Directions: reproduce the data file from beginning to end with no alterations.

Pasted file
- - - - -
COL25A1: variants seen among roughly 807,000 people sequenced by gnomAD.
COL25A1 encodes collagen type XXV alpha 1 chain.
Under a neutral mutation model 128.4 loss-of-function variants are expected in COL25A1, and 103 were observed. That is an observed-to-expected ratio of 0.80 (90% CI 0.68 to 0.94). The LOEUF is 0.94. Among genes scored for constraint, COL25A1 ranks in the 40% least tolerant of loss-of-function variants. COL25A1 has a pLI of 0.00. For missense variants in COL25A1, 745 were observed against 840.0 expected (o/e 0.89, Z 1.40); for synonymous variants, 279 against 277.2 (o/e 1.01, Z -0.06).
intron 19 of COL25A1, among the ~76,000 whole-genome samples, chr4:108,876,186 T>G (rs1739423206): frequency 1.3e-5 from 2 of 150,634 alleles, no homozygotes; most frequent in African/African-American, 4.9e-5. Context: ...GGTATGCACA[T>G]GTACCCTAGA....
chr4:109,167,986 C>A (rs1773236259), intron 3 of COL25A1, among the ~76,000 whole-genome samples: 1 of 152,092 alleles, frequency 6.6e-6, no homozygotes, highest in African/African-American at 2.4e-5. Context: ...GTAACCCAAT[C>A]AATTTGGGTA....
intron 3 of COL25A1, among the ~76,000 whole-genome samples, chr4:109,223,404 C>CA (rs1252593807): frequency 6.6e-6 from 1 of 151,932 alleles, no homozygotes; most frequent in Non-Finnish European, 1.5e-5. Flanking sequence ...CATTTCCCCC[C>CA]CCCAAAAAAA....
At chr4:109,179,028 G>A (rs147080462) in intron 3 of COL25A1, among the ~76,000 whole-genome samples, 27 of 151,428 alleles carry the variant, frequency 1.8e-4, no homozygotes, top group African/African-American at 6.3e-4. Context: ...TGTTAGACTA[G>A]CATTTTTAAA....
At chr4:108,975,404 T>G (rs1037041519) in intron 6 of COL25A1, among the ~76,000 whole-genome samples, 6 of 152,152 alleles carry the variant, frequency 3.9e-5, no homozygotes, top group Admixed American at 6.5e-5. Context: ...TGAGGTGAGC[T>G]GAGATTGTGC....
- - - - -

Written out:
COL25A1: variants seen among roughly 807,000 people sequenced by gnomAD.
COL25A1 encodes collagen type XXV alpha 1 chain.
Under a neutral mutation model 128.4 loss-of-function variants are expected in COL25A1, and 103 were observed. That is an observed-to-expected ratio of 0.80 (90% CI 0.68 to 0.94). The LOEUF is 0.94. Among genes scored for constraint, COL25A1 ranks in the 40% least tolerant of loss-of-function variants. COL25A1 has a pLI of 0.00. For missense variants in COL25A1, 745 were observed against 840.0 expected (o/e 0.89, Z 1.40); for synonymous variants, 279 against 277.2 (o/e 1.01, Z -0.06).
intron 19 of COL25A1, among the ~76,000 whole-genome samples, chr4:108,876,186 T>G (rs1739423206): frequency 1.3e-5 from 2 of 150,634 alleles, no homozygotes; most frequent in African/African-American, 4.9e-5. Context: ...GGTATGCACA[T>G]GTACCCTAGA....
chr4:109,167,986 C>A (rs1773236259), intron 3 of COL25A1, among the ~76,000 whole-genome samples: 1 of 152,092 alleles, frequency 6.6e-6, no homozygotes, highest in African/African-American at 2.4e-5. Context: ...GTAACCCAAT[C>A]AATTTGGGTA....
intron 3 of COL25A1, among the ~76,000 whole-genome samples, chr4:109,223,404 C>CA (rs1252593807): frequency 6.6e-6 from 1 of 151,932 alleles, no homozygotes; most frequent in Non-Finnish European, 1.5e-5. Flanking sequence ...CATTTCCCCC[C>CA]CCCAAAAAAA....
At chr4:109,179,028 G>A (rs147080462) in intron 3 of COL25A1, among the ~76,000 whole-genome samples, 27 of 151,428 alleles carry the variant, frequency 1.8e-4, no homozygotes, top group African/African-American at 6.3e-4. Context: ...TGTTAGACTA[G>A]CATTTTTAAA....
At chr4:108,975,404 T>G (rs1037041519) in intron 6 of COL25A1, among the ~76,000 whole-genome samples, 6 of 152,152 alleles carry the variant, frequency 3.9e-5, no homozygotes, top group Admixed American at 6.5e-5. Context: ...TGAGGTGAGC[T>G]GAGATTGTGC....